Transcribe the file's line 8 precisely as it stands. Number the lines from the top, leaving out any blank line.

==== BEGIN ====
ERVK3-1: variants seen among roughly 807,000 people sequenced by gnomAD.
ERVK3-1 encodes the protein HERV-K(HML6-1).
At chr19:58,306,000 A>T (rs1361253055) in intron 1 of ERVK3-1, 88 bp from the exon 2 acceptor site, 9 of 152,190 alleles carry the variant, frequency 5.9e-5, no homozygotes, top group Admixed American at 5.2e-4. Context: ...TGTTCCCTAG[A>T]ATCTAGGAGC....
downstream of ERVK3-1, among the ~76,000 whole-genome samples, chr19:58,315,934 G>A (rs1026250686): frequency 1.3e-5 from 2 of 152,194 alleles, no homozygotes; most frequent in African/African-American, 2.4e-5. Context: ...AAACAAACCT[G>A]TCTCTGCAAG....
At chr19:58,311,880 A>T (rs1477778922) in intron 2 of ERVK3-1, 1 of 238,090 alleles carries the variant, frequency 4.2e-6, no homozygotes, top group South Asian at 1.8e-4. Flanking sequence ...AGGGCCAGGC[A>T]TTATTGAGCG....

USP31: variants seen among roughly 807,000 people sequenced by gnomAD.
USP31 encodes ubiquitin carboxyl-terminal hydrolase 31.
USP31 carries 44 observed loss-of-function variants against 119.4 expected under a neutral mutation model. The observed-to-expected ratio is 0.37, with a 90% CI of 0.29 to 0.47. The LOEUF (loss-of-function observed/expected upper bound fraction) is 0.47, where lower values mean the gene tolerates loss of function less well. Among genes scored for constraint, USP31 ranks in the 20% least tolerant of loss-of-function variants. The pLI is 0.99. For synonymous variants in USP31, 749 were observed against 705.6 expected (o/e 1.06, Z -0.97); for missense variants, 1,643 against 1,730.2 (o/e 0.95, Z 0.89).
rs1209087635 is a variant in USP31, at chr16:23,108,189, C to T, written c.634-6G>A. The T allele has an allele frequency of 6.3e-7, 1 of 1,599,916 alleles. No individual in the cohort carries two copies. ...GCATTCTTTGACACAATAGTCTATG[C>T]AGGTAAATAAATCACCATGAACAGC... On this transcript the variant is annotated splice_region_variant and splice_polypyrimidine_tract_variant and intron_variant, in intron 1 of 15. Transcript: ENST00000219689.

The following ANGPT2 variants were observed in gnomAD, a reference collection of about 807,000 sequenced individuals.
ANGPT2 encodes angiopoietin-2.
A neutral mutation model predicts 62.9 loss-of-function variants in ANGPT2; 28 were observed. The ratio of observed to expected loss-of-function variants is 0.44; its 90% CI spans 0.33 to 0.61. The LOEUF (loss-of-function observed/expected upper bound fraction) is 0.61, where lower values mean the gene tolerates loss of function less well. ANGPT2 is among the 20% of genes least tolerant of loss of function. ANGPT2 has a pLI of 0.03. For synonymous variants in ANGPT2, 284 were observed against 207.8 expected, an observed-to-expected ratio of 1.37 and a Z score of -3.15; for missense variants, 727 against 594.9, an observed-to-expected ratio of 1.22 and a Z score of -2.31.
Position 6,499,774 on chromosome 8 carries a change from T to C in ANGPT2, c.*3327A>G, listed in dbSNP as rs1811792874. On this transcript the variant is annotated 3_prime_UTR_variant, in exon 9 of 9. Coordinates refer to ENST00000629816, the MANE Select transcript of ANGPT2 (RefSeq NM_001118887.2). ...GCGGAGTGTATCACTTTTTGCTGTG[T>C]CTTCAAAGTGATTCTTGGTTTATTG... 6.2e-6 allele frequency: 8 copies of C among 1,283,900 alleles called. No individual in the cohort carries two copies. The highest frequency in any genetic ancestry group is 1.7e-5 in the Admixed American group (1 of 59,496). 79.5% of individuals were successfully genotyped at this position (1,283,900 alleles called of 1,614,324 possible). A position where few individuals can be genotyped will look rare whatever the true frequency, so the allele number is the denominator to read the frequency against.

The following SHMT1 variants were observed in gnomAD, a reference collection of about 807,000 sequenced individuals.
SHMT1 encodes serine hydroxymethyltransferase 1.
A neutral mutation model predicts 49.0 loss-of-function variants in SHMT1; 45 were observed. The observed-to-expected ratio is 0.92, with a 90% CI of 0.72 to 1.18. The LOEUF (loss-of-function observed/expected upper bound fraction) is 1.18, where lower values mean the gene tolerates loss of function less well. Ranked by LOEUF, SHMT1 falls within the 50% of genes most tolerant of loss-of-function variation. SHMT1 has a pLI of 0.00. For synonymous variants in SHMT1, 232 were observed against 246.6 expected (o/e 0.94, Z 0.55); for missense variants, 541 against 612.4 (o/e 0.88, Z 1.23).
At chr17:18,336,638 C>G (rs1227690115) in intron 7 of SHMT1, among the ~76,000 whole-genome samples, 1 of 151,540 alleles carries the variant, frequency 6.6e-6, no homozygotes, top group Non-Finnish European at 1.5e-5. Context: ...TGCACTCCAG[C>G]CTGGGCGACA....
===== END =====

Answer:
USP31 carries 44 observed loss-of-function variants against 119.4 expected under a neutral mutation model. The observed-to-expected ratio is 0.37, with a 90% CI of 0.29 to 0.47. The LOEUF (loss-of-function observed/expected upper bound fraction) is 0.47, where lower values mean the gene tolerates loss of function less well. Among genes scored for constraint, USP31 ranks in the 20% least tolerant of loss-of-function variants. The pLI is 0.99. For synonymous variants in USP31, 749 were observed against 705.6 expected (o/e 1.06, Z -0.97); for missense variants, 1,643 against 1,730.2 (o/e 0.95, Z 0.89).